I’m ashamed to say that it’s taken me four-and-a-half years of living in Somerville to finally visit Mt. Auburn Cemetery. And now that I know what I’m missing, I’m sorry it’s taken me so long to get there.
The quiet, shaded paths leading to secret garden-like nature areas provide the perfect backdrop for an ambling afternoon stroll on a warm day. And of course, the history of the place cannot be ignored. The final resting place of infamous figures like cookbook author Fannie Farmer, inventor and geodesic dome enthusiast Buckminster Fuller and painter Winslow Homer (among many others), there’s a weightiness to the place that cannot be ignored.
There’s ample parking at Mt. Auburn, just avoid the grass and roads with green lines painted on them. The cemetery also provides bike racks for those who prefer getting there under their own power. Just don’t bike, run or rollerblade in the cemetery, as the paths are reserved for pedestrian and car traffic.
There’s an information center inside the chapel near the front gates and I advise stopping by before you set out. It’s worth it to cough up 50 cents for a map and pamphlet detailing where you’ll find the most famous graves and monuments. The day I went to Mt. Auburn, I met a most helpful woman in the chapel who directed me to two nice walks that allowed me to take in many of the most famous sites as well as go off the beaten path a bit.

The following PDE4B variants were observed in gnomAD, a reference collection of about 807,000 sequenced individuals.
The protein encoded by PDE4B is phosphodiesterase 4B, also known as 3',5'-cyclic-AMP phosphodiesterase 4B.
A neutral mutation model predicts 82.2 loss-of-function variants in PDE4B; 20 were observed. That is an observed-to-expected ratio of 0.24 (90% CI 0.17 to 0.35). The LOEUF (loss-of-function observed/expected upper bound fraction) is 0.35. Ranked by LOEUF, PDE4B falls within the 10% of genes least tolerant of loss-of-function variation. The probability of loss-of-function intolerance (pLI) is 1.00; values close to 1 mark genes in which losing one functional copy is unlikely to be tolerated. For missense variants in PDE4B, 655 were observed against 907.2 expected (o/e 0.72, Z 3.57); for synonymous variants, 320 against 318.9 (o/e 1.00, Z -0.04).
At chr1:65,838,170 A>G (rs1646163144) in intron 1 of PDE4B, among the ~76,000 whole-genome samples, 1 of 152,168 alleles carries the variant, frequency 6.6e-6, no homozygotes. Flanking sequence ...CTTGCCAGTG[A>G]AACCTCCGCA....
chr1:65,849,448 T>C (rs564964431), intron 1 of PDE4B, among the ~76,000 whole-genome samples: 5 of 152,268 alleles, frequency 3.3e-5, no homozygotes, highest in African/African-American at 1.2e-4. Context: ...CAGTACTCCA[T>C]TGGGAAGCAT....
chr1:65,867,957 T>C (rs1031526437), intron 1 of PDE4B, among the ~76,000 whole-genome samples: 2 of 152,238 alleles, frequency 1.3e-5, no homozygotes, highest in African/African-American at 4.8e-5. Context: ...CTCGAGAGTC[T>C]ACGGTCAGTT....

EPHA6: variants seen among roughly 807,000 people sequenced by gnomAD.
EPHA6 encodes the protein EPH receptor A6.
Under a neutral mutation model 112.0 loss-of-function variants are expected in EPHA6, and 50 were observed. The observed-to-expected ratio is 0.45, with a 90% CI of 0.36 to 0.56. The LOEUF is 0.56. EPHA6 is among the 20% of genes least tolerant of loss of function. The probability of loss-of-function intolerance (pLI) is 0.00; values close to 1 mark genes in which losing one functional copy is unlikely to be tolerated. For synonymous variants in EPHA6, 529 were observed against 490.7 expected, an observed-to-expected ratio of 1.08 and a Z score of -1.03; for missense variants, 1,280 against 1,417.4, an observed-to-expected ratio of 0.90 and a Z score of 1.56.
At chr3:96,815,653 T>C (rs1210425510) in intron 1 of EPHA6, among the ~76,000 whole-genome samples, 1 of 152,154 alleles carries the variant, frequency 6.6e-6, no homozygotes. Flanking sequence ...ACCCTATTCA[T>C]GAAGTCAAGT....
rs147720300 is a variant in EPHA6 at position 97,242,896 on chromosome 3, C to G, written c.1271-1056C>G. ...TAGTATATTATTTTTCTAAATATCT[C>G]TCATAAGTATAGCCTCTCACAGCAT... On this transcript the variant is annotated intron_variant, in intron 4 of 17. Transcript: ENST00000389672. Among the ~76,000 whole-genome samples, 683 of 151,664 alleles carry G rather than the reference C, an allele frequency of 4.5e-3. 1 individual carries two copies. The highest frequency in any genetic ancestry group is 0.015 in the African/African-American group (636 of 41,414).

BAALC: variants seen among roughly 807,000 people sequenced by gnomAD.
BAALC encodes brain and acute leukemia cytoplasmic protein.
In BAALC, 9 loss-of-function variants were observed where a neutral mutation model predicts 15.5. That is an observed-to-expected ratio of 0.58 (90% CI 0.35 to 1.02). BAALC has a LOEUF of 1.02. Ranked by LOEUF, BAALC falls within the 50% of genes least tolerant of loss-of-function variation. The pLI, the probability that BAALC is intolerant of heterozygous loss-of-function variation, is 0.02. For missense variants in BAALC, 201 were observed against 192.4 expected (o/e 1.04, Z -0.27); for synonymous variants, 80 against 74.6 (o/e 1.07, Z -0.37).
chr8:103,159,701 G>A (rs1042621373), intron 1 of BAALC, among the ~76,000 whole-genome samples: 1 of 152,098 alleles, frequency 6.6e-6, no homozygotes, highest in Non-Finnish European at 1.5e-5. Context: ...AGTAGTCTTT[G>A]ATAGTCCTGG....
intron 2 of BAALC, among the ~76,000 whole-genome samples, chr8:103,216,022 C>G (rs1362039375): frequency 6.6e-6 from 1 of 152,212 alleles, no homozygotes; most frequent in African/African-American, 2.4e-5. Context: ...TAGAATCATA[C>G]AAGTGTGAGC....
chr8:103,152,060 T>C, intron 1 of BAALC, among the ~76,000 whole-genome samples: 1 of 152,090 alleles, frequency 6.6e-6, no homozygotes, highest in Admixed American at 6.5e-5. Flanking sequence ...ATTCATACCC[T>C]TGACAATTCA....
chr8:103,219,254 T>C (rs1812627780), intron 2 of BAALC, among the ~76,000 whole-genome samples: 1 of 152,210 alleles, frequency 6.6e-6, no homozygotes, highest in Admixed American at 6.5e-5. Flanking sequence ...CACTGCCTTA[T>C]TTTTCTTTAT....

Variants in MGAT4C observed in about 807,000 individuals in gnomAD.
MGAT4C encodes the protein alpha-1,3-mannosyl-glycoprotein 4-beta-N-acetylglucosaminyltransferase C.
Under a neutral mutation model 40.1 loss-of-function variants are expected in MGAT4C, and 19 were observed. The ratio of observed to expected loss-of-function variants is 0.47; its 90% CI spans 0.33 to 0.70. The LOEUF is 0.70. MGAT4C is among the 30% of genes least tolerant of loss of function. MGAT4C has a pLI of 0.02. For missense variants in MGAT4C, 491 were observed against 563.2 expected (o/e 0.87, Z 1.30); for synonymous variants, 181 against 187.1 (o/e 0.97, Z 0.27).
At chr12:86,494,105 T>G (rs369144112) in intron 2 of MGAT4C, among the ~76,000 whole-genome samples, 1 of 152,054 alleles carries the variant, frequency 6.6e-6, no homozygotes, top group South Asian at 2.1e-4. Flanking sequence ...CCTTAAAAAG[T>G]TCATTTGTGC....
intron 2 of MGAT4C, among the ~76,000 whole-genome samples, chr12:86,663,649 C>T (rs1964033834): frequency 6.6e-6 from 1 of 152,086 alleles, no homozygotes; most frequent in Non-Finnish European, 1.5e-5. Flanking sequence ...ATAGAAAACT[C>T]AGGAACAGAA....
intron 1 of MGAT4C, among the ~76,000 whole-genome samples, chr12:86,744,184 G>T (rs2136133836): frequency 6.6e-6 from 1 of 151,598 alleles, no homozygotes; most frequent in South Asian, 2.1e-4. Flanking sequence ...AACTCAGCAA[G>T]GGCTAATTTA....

I did the inner loop, which is about a mile long, and made many stops along the way, often wandering off down side paths to check out an interesting-looking or famous grave. The loop took me by a large tower, which you can climb to take in views of Boston and the surrounding towns. The sight is lovely on a clear day.
You’ll also pass the dell, a small area that the cemetery has let go a bit wild. When you make it down into the dell, you feel as though the world has melted away. The serenity of the place will make you hard-pressed to remember that Harvard Square and Boston beyond are to be found right outside the cemetery gates. It feels as though you are far away from the hustle and bustle of the city without the hassle of schlepping somewhere farther afield.
After I finished the inner loop, I walked down the Indian Ridge Path. This one was a bit less trod and took me by famous graves like Henry Wadsworth Longfellow. On my way back to the front gate, I swung by Halcyon Lake, which features a large, beautiful monument to Mary Baker Eddy, founder of Church of Christ, Scientist.
Some may think it’s creepy to walk around in a cemetery, but there’s not anything weird about Mt. Auburn. It’s a one-of-a-kind historic site, a gorgeous place to take a long walk and will likely leave you feeling peaceful and refreshed.
Who: All sorts of famous dead people
What: Mt. Auburn Cemetery
Where: 580 Mt. Auburn St., Cambridge
When: 8 a.m.-5 p.m. October through April; 8 a.m.-7 p.m. May through September
Why: Because it’s beautiful and historic and you should really just see it for yourself!
More Information: Mt. Auburn (Full disclosure: This awesome website was designed by Upstatement, who also created the Beat’s website!)
Nearby Eats: The cemetery doesn’t allow guests to eat inside the gates, but there are plenty of nice places nearby to get a bite. Sofra Bakery, located just down the street, is a terrific option. I’m also partial to Crema Cafe and Darwin’s, both located in Harvard Square.
Pro tip: Wear comfortable shoes, bring water and wear sunscreen (OK, I’ll stop). And keep in mind that this is an active cemetery, so be respectful, as you may see funerals taking place.